This is an appeal from the judgment of the superior court which affirmed an award of the State Board of Workers' Compensation.
1. The evidence was sufficient to support the award except for that portion which will be discussed in Division 2 of this opinion.
Counsel for the appellant contends that the payment for the claimant's daughter's services is authorized by that part of Code Ann. 114-501 (Code 114-501; as amended through 1975, pp. 190, 196) which provides: "An emergency, on account of the employer's failure to provide the medical or other care as herein specified or for other cogent reasons, authorizes the employee to seek temporary care as may be necessary. The employer shall pay the reasonable cost of the temporary care, within the limit of the amount set forth above, if ordered by the board." Appellant's counsel argues that since the employer had refused to pay the medical that the claimant was authorized to employ her daughter to assist her under that portion of the statute which states "provide medical or other care as herein specified." However, the type service which the daughter rendered is not "herein specified" in the statute. The statute states "The employer shall furnish the employee, entitled to benefits under Title 114, such medical, surgical, hospital, vocational rehabilitation, and other treatment, including medical and surgical supplies, original artificial members, prosthetic devices and aids, and replacement of artificial members, prosthetic devices and aids damaged or destroyed in a compensable accident, which in the judgment of the State Board of Workers' Compensation shall be reasonably required and appear likely to effect a cure, give relief, or restore the employee to suitable employment." The only portion of the above-quoted provision that might reasonably be interpreted to include the type services rendered by the claimant's daughter is that which states "medical, surgical, hospital and other treatment." While it may have been necessary for the claimant to have someone to assist her in her home during her period of recovery, it can not be said that such services was "treatment" of the claimant.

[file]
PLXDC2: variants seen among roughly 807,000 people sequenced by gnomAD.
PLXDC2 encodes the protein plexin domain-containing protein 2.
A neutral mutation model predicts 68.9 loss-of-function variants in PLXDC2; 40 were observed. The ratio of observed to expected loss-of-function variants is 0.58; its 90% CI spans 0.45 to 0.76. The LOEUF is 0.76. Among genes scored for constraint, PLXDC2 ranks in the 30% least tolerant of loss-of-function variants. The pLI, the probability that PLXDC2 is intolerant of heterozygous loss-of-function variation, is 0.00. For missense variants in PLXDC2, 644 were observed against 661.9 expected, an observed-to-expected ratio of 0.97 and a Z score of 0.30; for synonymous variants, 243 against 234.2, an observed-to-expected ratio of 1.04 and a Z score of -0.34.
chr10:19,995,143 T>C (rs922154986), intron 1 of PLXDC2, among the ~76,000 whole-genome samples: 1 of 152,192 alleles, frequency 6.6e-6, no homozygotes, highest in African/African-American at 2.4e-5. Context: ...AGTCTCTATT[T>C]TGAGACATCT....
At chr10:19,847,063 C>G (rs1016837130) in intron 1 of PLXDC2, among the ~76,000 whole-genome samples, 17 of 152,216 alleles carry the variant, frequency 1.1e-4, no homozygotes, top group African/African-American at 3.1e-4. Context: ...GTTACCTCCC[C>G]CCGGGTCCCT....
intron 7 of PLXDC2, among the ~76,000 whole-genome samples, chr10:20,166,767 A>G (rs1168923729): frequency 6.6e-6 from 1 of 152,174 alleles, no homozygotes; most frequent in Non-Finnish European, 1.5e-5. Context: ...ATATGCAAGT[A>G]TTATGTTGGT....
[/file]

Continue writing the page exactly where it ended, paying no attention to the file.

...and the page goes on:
We do not base our interpretation of the statute as was done in Bituminous Cas. Corp. v. Wilbanks, 60 Ga. App. 620 (4 SE2d 916) on the fact that the daughter would not be entitled to payment of her services because of her relationship to the claimant. We have reached our conclusion purely on the basis that the statute just does not provide for the payment of the type service which the claimant's daughter provided.
As we have stated, it seems clear from the record that the cost of the services of the daughter was a reasonable expense which was the direct result of the claimant's injury. In this case the daughter was married and lived in another area of the state and moved in with her mother to care for her. It is unfortunate that the daughter can not be compensated for her efforts, however, that is a legislative and not a judicial matter.
That portion of the award which directed that the claimant's daughter be paid for her services was not valid. Therefore, it is directed that the case be remanded to the State Board of Workers' Compensation with direction that the invalid portion of the award be stricken.
Thomas H. Calhoun, for appellee.